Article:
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Yesterday Fippo talked about applying the principles of the open web to realtime communication with WebRTC. Consider this post the first installment of providing in-depth descriptions of what that means in practice.

Where codecs fit in

A key component of realtime audio and video systems (like Talky) consists of methods for encoding the light waves and sound waves that our eyes and ears can understand into digital information that computers can process. Such a method is called a codec (shorthand for code/decode).

Because there are many different audio codecs and video codecs, if we want interoperability, then it's important for different software implementations to "speak the same language" by having at least one codec in common. In the parlance of industry standards, such a codec is specified as "mandatory to implement" or MTI (often an MTI codec is a lowest common denominator, but software can use better codecs if available - a model that has also worked well for cipher suites in SSL/TLS and other technologies.)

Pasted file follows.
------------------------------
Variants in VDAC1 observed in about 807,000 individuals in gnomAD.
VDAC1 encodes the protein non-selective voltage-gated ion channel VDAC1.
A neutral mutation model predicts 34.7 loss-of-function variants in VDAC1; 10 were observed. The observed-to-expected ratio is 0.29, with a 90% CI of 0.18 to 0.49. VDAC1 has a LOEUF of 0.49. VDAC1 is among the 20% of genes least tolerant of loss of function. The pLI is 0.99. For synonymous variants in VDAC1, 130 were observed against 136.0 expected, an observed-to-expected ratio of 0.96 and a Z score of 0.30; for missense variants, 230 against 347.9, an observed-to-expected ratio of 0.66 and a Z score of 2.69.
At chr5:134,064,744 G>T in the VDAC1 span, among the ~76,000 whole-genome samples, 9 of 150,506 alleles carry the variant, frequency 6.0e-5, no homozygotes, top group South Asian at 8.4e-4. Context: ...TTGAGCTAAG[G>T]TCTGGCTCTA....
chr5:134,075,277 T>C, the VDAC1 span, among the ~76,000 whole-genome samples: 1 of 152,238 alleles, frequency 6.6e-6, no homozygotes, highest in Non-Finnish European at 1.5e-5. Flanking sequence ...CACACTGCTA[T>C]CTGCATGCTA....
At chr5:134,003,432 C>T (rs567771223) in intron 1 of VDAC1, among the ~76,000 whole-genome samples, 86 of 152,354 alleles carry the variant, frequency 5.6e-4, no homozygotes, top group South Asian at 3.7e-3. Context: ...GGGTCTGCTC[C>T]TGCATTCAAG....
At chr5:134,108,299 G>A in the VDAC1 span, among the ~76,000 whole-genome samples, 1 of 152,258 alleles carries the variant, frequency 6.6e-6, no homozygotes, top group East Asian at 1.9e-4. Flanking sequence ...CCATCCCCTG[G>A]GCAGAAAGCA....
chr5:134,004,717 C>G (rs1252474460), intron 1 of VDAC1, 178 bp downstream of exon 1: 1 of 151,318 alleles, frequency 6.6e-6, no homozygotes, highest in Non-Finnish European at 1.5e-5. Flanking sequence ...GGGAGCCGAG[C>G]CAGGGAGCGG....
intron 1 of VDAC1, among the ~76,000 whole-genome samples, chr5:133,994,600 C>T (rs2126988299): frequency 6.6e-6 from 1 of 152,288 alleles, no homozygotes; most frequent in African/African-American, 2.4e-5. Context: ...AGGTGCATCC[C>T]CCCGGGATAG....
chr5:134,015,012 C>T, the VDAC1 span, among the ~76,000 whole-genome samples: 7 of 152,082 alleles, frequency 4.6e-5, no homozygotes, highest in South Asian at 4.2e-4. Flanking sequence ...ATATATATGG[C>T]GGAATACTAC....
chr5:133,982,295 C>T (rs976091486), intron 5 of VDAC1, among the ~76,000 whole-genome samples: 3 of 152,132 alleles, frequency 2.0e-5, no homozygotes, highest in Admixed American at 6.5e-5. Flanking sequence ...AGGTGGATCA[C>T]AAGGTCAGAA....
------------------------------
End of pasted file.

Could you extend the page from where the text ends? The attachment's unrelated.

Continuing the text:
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There's a lot of talk about this topic of "the web we want," and a lot of it has focused around WebRTC lately.

I have been working with WebRTC since mid-2012, both in the Chrome and Firefox browsers, as well as the native library. So far I have filed more than sixty issues in the WebRTC project issue tracker and the Chrome bugtracker. I'm especially proud that I've crashed the production version of Chrome eight times.

I am among the top non-Google people to file WebRTC issues. And I managed to get quite a few of them fixed, too. I visited Google's Stockholm office in September and had a conversation with the team there about how I use the issue tracker and how that process works. Full disclosure: I got a t-shirt (even though it turned out to be too large). And I even started reviewing the Chrome WebRTC release notes before they're sent out.